Thumbhole cuffs are so easy to sew and a great addition to any long sleeve top for kids or adults! They are especially useful for warming tiny and big hands that tend to lose mittens (not naming any names here, but I am not sure I have any a pair of matching mittens) and for sun protection.
You can use our Sun Hoodie PDF sewing pattern or you can use any long sleeve top with cuffs sewing pattern and make some slight adjustments. To adjust the cuff you will just want to add length to the existing cuff of the pattern. Typically, long sleeve tops will hit right around your wrist, so you will want to measure the length from your wrist to your knuckles. If that length is two inches than you will want to add four inches to the current cuff from your sewing patterns plus seam allowance since the cuff is folded in half.
Marking out the Thumbhole Cuffs
First, it’s crucial to mark your cuffs correctly to better keep track of each step.
We will be working with one cuff at a time. After completing all of the steps for the first cuff you will repeat them with the other cuff.
You'll want to create four lines on each each cuff. We will mark the 2 outer lines green and 2 inner lines purple. Any washable marker will do. You can also use any colors you have on hand but the purple and green will follow this tutorial as well at the YouTube video tutorial.
Measurement 1: Measure from your wrist to where you want to the thumbhole to begin (the top of the thumbhole nearest your wrist). If this measurement is 1.25" and your seam allowance is .25" then you will want to measure 1.5" from the bottom and top of your cuff inward and mark in GREEN. You will have marked two lines on one side of the cuff.
Measurement 2: Measure how large you want the opening to be. If this is 1" then you will mark from the greens line you just created inward in PURPLE to mark the opening of the thumbhole cuff. You will have marked two lines on one side of the cuff.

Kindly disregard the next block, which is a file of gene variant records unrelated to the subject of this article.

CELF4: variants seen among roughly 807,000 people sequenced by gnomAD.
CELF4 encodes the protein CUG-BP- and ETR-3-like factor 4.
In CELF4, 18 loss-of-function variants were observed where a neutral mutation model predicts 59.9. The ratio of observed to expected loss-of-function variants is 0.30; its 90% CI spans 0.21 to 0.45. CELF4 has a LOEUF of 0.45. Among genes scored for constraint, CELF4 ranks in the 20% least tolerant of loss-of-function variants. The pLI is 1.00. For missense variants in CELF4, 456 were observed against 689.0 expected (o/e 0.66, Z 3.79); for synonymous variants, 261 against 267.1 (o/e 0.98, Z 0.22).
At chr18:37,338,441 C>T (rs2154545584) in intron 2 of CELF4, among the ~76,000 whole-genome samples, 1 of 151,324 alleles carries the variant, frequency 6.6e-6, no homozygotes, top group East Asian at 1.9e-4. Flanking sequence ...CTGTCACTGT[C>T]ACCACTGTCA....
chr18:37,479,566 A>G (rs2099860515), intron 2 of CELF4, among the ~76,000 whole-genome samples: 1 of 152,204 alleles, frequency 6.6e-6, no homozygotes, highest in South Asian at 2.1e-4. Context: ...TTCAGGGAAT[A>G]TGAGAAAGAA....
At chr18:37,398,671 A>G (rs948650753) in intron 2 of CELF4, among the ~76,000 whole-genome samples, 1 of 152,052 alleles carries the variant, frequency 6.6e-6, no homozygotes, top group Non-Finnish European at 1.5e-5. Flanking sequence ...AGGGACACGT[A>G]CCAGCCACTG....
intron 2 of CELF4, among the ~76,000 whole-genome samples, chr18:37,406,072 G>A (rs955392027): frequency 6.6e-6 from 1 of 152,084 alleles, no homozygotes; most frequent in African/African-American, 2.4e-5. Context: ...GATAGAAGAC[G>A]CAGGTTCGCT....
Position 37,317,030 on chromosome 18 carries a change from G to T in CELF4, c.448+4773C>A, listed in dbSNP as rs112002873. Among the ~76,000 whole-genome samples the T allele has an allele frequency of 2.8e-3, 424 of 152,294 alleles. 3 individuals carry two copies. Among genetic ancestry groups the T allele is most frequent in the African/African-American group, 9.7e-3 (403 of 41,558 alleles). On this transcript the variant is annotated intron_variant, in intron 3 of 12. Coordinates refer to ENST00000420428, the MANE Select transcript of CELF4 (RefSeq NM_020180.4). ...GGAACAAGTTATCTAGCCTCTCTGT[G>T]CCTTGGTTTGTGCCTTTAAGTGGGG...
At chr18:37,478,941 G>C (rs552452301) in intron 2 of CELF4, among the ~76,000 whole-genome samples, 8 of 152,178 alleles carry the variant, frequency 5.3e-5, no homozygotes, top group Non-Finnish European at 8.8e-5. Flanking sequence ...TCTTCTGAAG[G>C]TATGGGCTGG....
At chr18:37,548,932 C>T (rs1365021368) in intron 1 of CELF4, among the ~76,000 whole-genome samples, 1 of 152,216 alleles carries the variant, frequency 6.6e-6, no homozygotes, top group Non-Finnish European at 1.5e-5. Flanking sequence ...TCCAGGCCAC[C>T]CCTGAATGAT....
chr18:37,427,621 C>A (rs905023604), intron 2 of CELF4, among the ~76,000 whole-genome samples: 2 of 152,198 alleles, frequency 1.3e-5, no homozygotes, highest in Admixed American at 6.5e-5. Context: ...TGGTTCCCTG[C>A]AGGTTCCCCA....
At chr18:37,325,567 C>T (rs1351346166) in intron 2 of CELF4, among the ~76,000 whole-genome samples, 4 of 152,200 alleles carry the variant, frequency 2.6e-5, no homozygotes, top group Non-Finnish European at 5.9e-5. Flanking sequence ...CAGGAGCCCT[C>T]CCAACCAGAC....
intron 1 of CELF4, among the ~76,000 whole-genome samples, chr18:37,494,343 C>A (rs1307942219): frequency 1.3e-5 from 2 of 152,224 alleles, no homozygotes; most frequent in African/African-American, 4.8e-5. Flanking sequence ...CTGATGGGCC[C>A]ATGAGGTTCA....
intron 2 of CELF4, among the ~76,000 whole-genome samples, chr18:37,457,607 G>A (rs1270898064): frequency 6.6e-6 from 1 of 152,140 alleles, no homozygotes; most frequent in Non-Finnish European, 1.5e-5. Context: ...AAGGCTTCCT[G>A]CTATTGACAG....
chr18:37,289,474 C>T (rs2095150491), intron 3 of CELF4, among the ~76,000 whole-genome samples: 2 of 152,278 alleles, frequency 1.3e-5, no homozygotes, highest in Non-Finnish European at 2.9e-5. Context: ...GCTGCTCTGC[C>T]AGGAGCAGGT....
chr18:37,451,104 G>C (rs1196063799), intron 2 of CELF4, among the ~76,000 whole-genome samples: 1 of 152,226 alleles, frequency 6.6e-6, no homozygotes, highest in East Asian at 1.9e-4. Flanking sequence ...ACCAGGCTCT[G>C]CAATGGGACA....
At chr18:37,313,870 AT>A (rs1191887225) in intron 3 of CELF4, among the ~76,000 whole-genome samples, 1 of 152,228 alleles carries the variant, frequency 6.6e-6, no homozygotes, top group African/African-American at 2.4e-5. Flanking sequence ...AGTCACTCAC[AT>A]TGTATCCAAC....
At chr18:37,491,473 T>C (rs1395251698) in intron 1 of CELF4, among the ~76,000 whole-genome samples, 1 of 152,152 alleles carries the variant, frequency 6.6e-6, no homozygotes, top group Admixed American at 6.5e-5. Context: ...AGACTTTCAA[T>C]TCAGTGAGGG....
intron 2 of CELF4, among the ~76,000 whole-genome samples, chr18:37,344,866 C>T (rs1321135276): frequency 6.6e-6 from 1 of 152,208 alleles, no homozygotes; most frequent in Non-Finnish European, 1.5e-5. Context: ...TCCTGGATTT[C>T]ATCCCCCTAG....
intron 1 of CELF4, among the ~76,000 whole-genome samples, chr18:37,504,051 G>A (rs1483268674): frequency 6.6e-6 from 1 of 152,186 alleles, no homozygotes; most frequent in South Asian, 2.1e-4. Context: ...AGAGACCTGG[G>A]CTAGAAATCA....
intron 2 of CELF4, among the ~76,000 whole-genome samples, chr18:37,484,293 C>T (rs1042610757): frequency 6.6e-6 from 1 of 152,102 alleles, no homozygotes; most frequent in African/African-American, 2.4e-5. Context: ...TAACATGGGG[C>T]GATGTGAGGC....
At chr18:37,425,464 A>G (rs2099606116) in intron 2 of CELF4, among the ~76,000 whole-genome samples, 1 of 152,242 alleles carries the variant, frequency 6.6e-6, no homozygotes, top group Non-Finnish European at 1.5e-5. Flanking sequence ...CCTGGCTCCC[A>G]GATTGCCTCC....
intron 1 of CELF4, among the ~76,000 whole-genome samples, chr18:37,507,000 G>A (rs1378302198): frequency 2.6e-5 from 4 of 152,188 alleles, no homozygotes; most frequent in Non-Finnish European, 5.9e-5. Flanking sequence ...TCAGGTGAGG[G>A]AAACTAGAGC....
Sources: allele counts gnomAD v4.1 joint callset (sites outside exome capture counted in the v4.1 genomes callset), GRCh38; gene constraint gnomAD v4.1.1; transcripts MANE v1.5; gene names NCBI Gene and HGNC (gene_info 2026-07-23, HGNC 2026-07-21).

Do this on each side of the cuffs.
Let's Get Sewing!
Fold the cuff in half with the grain with right sides together.
You can use pins or clips put I find that because the start and end of these stitches is critical, using pins to hold things in place works better. The goal is to make, what appears to be 1 continuous line of stitches as you work through the 5 steps. Once you finish one cuff repeat the steps to create the other cuff.
Step 1. Pin the cuff together at the purple marks and using a triple stitch sew from purple mark to purple mark.
Step 2. To keep them out of the way fold 2 corners down at an angle. Fold the cuff in half with the folded fabric inside and match up the green marks. The purple marks should naturally match up with each other.
Step 3. Pin at the end of the stitches (the purple marks) and at the green marks and sew from purple to green.
Step 4: Flip the cuff the opposite way bringing what is inside out and repeat step 3 on the other side.
Step 5: Open the cuff up so that it is as flat as possible (hint: if it wasn’t already sewn it would be folded flat just like in image #1). Match and straighten the raw edges. Place a pin at the final stitch at the green mark (one at each the top and bottom of the cuff) and sew from the green mark to the edge of the cuff (2 white arrows).
Step 6: Right side cuffs out and repeat on other side.
Step 7: Attach cuffs to sleeve following the sewing pattern tutorial you are using.